Laura Suter, head of personal finance at AJ Bell, comments on the latest Bank of England mortgage, debt and savings figures:
“The end of the stamp duty holiday signalled a drop off the cliff in the housing market, in terms of transactions and the amount borrowed, with an 83% fall in net borrowing by individuals between September and October. The rush to get transactions through before the stamp duty deadline at the end of September means that some of this fall is likely to be temporary, as October deals were pushed through early.
“Rather than gloomy predictions of a housing market coming to a standstill after the stamp duty holiday ended, instead it looks like it’s just returning to-pre pandemic levels. Approvals for house purchases, which are a good indication of the future direction of the market, show there was a drop between September and October but to around the average for February 2020, before the pandemic became a factor.
“Despite the figures only being a month old, the picture they paint of mortgage interest rates is very different to current reality. The data shows that average mortgage rates fell to another record low in October, dropping to 1.59%. However, November saw rates tick higher in anticipation of a Base Rate rise and this is a trend we don’t expect to reverse any time soon.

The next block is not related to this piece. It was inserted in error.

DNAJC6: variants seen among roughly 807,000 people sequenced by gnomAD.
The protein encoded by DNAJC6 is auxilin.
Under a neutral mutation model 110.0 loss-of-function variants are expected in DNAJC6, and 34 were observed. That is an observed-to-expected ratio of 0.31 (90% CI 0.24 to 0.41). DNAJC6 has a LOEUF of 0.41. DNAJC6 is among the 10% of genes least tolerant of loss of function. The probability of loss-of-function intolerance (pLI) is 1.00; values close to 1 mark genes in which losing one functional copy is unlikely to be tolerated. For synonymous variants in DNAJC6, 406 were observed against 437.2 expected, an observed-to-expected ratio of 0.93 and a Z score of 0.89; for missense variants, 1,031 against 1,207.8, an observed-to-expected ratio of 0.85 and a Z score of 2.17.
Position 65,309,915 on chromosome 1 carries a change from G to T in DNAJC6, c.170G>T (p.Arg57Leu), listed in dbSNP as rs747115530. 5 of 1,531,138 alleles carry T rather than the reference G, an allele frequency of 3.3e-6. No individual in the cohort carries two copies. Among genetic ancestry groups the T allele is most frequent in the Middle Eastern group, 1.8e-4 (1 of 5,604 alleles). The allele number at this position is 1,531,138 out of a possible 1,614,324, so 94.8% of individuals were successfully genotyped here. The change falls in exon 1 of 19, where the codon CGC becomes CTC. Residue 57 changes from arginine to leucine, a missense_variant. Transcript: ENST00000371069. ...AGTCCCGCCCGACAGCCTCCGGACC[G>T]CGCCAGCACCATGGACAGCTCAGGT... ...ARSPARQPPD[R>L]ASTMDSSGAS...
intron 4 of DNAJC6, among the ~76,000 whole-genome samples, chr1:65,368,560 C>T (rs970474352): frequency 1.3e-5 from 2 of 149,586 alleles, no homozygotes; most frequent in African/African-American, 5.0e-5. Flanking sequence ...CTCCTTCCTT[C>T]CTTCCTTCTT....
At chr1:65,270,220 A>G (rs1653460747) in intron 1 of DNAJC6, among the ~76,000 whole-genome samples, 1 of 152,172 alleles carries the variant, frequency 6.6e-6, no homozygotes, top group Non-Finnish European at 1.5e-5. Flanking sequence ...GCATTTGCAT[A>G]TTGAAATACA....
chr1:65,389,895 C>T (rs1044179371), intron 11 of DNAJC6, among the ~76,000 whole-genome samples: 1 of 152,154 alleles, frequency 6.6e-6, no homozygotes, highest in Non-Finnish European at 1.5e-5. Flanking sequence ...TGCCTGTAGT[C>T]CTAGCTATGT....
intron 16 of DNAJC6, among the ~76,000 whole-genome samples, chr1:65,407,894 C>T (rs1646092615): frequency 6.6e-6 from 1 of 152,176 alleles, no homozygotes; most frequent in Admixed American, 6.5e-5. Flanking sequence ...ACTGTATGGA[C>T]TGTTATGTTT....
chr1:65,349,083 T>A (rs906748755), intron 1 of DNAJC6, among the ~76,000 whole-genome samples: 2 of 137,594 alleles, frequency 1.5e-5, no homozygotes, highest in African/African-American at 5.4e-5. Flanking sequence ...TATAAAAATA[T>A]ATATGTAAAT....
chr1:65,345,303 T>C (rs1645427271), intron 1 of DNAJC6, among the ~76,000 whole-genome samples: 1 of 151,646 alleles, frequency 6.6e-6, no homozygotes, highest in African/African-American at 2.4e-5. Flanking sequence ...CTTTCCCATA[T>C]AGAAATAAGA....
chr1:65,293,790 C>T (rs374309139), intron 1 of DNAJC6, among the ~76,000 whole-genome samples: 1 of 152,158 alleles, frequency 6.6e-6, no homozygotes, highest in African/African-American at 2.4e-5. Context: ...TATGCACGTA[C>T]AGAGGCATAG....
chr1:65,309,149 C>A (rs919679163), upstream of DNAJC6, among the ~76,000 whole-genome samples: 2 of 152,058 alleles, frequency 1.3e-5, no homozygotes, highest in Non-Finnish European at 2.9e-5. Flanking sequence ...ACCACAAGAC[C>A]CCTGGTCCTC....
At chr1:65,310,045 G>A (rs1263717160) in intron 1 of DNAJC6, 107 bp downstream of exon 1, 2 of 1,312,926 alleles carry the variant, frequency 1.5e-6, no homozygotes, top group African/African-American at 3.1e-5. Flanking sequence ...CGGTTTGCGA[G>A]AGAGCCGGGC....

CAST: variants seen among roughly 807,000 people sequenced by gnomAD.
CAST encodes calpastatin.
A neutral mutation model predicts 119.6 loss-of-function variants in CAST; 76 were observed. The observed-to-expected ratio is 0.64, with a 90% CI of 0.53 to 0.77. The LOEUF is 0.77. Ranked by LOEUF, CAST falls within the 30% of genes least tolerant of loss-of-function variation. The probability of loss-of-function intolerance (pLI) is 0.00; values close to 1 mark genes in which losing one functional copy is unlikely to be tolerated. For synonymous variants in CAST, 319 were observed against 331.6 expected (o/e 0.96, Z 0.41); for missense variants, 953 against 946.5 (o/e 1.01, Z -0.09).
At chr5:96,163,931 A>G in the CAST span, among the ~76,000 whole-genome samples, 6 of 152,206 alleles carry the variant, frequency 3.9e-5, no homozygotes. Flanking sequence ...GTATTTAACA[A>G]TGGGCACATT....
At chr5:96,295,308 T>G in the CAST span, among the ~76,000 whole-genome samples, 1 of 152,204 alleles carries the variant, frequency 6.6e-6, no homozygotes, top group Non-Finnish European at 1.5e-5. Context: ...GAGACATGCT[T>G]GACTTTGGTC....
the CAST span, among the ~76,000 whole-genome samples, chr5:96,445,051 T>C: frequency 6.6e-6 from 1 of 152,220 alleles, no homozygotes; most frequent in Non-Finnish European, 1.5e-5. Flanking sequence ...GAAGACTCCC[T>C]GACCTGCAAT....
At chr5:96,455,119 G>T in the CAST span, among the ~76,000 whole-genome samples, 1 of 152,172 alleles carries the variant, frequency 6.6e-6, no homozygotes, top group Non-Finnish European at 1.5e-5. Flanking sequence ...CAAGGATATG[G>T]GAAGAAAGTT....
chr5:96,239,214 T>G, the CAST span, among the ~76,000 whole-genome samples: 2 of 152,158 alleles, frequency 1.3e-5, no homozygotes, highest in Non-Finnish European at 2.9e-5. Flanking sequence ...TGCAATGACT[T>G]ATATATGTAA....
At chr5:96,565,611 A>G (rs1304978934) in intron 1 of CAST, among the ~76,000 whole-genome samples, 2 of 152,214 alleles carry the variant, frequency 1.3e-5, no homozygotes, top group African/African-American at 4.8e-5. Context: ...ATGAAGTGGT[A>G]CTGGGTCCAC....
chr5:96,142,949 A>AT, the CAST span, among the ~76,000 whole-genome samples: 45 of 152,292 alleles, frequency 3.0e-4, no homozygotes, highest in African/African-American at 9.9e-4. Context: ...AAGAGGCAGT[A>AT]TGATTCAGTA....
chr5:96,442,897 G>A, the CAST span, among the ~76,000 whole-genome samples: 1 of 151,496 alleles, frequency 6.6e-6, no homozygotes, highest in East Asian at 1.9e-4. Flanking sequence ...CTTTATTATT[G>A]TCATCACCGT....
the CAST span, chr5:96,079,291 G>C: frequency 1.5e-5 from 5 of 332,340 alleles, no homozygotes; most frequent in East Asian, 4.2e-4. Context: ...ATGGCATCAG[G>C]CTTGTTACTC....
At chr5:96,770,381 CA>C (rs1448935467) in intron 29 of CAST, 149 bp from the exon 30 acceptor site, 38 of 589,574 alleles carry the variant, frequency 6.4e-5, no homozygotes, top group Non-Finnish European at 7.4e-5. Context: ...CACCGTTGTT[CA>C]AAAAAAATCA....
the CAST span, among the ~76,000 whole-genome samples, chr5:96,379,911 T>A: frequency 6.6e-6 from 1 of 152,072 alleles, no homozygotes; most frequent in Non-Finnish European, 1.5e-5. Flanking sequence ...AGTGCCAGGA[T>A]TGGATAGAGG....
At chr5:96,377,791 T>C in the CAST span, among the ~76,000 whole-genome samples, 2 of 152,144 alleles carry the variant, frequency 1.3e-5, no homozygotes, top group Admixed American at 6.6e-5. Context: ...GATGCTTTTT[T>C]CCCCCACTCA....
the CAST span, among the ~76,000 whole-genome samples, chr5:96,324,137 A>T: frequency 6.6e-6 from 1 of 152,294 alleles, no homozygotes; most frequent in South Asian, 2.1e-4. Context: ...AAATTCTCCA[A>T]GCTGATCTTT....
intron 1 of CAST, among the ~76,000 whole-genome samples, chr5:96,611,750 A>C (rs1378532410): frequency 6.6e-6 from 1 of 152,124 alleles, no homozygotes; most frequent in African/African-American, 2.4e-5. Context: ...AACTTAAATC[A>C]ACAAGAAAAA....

“The cost of living crunch means the UK’s savings surge is petering out and is another thing that’s returned to pre-pandemic levels. On average we put £5.5bn into banks and building society accounts in October, which is the lowest amount since February 2020. Once we include deposits into NS&I the amount rises to £6.4bn, still almost half the 12-month average up to September this year.
“This savings boom is unlikely to rebound in the coming months as rising prices continue to eat into everyone’s spare cash, while the extra spending we all do at the end of the year means many will use some of their savings to pay for a bumper Christmas after missing out last year. We’re already seeing spending creep up, with more people using their credit cards in October, borrowing £600m in the month – the highest since July 2020.”